Chelsea Clinton is taking a new role with elections this year by encouraging students and millennials across the country to vote in the upcoming presidential elections.
The 36-year-old daughter of former President Bill Clinton and Democratic presidential candidate Hillary Clinton relates to the over 75 million other millennials across the U.S.
Millennials make up the largest percentage of Americans, reaching nearly 24 percent of the American population, according to U.S. Census Bureau 2015 population estimates.
Clinton hosted a recent press call with student journalists on National Voter Registration Day and encouraged politically apathetic students to ask themselves a question: “What do I care about?”
Clinton, who calls herself a “self-identified progressive,” said students and millennials need to be looking to the future and choose political leaders who will support them in issues that will affect them longterm.
“I just would urge people to think what really matters to them,” Clinton said, “whether that’s something in their own lives or their family’s lives, or something they feel like raises the values of our country.”
Throughout her travels to various universities across the country, Clinton said she has heard millennials question issues such as education, criminal justice, climate change and healthcare. She hopes students will look at the political circumstance of the country they live in and be willing to take initiative.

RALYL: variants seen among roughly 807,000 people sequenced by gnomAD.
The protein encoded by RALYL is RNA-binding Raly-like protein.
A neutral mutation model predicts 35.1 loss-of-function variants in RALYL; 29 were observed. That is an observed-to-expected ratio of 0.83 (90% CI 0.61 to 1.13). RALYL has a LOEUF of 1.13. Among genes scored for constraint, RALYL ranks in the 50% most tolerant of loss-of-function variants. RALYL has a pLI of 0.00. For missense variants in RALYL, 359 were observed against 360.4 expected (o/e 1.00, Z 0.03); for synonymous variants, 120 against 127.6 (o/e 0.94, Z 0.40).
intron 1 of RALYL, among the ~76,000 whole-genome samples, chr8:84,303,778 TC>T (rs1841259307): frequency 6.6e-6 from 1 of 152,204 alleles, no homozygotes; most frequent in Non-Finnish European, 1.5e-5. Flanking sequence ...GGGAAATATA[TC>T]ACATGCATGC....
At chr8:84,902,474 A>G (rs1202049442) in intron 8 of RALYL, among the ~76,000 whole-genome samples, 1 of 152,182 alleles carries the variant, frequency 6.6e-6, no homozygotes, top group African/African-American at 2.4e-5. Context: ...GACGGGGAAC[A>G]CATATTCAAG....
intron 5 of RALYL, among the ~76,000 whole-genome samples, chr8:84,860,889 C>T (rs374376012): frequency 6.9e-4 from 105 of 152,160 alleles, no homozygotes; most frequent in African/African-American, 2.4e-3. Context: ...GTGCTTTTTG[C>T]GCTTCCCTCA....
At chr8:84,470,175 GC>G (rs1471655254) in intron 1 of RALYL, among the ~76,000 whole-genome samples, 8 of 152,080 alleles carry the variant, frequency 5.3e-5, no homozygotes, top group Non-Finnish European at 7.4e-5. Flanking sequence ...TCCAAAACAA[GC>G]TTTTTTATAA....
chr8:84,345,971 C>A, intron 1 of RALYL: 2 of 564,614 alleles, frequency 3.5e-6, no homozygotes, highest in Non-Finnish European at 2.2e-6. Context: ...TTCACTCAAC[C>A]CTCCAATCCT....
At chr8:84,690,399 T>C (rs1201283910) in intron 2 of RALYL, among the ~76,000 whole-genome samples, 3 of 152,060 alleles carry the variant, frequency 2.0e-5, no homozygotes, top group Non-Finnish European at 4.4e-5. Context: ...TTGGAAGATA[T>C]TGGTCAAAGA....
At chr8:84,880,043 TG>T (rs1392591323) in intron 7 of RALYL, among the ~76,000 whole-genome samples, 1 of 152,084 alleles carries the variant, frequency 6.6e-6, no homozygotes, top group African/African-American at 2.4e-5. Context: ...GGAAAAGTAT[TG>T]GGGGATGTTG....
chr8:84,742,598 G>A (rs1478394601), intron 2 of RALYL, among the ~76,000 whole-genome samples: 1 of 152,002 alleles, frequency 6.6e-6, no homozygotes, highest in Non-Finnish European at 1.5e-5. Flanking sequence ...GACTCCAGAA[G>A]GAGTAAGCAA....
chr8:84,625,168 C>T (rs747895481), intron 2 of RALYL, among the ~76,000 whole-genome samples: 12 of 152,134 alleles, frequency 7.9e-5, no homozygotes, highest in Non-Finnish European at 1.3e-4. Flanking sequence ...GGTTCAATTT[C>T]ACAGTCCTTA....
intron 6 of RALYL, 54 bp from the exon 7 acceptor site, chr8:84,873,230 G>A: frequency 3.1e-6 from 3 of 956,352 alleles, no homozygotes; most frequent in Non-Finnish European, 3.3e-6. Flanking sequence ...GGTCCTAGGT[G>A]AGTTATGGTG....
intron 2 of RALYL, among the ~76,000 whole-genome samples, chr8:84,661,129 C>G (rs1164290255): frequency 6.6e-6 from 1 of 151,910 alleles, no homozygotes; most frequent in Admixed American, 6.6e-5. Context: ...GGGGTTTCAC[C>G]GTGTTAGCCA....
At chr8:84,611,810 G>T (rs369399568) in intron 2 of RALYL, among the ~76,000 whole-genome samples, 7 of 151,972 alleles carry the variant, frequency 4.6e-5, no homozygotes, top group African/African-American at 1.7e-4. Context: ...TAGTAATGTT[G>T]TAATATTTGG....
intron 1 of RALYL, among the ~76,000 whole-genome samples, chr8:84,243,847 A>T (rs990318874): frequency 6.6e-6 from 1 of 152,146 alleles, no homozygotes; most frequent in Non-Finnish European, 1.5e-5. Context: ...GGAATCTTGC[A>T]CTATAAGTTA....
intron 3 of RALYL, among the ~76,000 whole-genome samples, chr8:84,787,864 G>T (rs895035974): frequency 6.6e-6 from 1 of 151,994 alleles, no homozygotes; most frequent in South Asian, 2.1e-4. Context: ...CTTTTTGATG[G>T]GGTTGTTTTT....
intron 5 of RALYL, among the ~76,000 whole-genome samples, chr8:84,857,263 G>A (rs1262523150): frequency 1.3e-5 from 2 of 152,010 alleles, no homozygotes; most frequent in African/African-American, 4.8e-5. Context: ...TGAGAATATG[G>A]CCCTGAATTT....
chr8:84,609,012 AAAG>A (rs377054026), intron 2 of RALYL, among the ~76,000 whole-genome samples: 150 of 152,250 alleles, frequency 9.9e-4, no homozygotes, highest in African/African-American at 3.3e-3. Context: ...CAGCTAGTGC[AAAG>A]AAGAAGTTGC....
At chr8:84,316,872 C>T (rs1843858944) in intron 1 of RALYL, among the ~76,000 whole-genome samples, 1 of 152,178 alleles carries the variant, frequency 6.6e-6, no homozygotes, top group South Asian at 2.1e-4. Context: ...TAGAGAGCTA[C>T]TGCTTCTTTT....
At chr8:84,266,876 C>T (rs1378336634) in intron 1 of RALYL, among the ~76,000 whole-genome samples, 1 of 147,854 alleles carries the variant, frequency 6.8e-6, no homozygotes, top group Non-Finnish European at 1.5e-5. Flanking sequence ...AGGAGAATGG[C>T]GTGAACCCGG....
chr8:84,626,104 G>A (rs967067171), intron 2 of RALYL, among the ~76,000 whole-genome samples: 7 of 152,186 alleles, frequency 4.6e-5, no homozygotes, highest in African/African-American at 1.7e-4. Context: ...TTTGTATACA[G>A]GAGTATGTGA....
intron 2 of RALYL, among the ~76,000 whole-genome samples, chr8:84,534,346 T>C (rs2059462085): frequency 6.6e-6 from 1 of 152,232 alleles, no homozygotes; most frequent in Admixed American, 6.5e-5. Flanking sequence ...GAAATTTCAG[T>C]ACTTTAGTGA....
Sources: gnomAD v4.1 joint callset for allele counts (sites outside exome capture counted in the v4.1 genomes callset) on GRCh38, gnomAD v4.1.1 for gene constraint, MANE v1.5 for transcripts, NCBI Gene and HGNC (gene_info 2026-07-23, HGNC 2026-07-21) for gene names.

Co-president of the BYU College Democrats club Evan Woods agrees students should be more aware and politically active, but said BYU students may stand out against many other millennials with regard to what political hot topics interest them.
“On the one hand, I feel like they’re millennials and they feel some of those same needs that other college students have, but at the same time they’re Mormon,” the senior public health major said. “When people think social justice, they think of championing for a lot of gay and transgender rights, which isn’t traditionally what BYU students vote for.”
Woods also said many BYU students, unlike most millennials, aren’t particularly concerned about the price of higher education because of BYU’s affordability and the prevalent idea of self-sufficiency in Mormon culture.